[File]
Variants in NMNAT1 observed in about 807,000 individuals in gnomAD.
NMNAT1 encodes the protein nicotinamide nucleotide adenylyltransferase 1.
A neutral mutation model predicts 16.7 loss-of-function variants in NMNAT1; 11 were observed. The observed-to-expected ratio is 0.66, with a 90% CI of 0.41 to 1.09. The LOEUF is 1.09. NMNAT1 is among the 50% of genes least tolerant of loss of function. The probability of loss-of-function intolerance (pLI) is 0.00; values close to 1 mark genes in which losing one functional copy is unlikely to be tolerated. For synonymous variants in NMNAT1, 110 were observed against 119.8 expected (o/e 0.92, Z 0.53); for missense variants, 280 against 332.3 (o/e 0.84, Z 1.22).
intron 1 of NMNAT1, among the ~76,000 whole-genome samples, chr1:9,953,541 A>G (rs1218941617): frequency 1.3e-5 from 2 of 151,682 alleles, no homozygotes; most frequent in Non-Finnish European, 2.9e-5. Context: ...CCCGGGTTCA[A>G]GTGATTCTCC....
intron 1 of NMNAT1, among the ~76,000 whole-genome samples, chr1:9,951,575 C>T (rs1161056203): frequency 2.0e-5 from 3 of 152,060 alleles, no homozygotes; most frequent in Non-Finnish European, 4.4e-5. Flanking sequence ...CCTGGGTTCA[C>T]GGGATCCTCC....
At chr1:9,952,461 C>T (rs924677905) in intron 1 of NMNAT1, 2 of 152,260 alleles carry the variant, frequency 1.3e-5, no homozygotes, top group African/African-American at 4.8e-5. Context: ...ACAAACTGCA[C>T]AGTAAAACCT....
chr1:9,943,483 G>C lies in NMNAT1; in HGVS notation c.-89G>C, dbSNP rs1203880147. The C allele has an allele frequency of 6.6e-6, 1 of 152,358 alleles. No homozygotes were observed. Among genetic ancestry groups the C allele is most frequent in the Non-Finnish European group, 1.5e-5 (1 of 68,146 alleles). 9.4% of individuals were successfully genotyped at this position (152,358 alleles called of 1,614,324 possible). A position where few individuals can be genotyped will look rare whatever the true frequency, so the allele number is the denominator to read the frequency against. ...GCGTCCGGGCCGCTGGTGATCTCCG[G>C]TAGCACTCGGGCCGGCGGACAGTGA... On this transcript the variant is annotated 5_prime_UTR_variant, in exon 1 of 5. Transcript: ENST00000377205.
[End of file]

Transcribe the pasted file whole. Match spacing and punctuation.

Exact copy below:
Variants in NMNAT1 observed in about 807,000 individuals in gnomAD.
NMNAT1 encodes the protein nicotinamide nucleotide adenylyltransferase 1.
A neutral mutation model predicts 16.7 loss-of-function variants in NMNAT1; 11 were observed. The observed-to-expected ratio is 0.66, with a 90% CI of 0.41 to 1.09. The LOEUF is 1.09. NMNAT1 is among the 50% of genes least tolerant of loss of function. The probability of loss-of-function intolerance (pLI) is 0.00; values close to 1 mark genes in which losing one functional copy is unlikely to be tolerated. For synonymous variants in NMNAT1, 110 were observed against 119.8 expected (o/e 0.92, Z 0.53); for missense variants, 280 against 332.3 (o/e 0.84, Z 1.22).
intron 1 of NMNAT1, among the ~76,000 whole-genome samples, chr1:9,953,541 A>G (rs1218941617): frequency 1.3e-5 from 2 of 151,682 alleles, no homozygotes; most frequent in Non-Finnish European, 2.9e-5. Context: ...CCCGGGTTCA[A>G]GTGATTCTCC....
intron 1 of NMNAT1, among the ~76,000 whole-genome samples, chr1:9,951,575 C>T (rs1161056203): frequency 2.0e-5 from 3 of 152,060 alleles, no homozygotes; most frequent in Non-Finnish European, 4.4e-5. Flanking sequence ...CCTGGGTTCA[C>T]GGGATCCTCC....
At chr1:9,952,461 C>T (rs924677905) in intron 1 of NMNAT1, 2 of 152,260 alleles carry the variant, frequency 1.3e-5, no homozygotes, top group African/African-American at 4.8e-5. Context: ...ACAAACTGCA[C>T]AGTAAAACCT....
chr1:9,943,483 G>C lies in NMNAT1; in HGVS notation c.-89G>C, dbSNP rs1203880147. The C allele has an allele frequency of 6.6e-6, 1 of 152,358 alleles. No homozygotes were observed. Among genetic ancestry groups the C allele is most frequent in the Non-Finnish European group, 1.5e-5 (1 of 68,146 alleles). 9.4% of individuals were successfully genotyped at this position (152,358 alleles called of 1,614,324 possible). A position where few individuals can be genotyped will look rare whatever the true frequency, so the allele number is the denominator to read the frequency against. ...GCGTCCGGGCCGCTGGTGATCTCCG[G>C]TAGCACTCGGGCCGGCGGACAGTGA... On this transcript the variant is annotated 5_prime_UTR_variant, in exon 1 of 5. Transcript: ENST00000377205.